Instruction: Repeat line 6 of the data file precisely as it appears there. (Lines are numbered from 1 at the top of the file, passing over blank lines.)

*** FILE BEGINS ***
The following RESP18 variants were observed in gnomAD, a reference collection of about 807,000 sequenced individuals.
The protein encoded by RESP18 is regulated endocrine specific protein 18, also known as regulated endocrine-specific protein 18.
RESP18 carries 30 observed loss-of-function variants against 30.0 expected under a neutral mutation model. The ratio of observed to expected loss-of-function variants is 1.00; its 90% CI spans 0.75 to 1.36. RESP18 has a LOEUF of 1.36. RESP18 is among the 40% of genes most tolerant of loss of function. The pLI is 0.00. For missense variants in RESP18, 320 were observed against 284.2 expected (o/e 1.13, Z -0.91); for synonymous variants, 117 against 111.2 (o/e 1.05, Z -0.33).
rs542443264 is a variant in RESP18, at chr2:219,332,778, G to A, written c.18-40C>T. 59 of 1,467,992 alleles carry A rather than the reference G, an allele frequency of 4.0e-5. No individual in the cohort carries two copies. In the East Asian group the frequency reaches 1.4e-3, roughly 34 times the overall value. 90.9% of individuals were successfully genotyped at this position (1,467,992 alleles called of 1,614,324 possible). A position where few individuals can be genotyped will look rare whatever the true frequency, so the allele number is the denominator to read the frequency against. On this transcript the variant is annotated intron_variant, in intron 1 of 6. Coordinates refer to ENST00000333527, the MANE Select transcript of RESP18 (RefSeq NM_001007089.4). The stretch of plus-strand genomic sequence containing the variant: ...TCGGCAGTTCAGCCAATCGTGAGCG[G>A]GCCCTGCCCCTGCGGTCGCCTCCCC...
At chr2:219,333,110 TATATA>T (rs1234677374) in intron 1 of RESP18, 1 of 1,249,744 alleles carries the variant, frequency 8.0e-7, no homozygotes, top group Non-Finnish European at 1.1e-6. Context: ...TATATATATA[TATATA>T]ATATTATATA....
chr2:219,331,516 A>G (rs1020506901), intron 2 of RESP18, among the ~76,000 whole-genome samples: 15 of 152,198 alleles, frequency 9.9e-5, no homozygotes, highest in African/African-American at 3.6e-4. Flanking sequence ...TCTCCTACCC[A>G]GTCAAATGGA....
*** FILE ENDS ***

chr2:219,331,516 A>G (rs1020506901), intron 2 of RESP18, among the ~76,000 whole-genome samples: 15 of 152,198 alleles, frequency 9.9e-5, no homozygotes, highest in African/African-American at 3.6e-4. Flanking sequence ...TCTCCTACCC[A>G]GTCAAATGGA....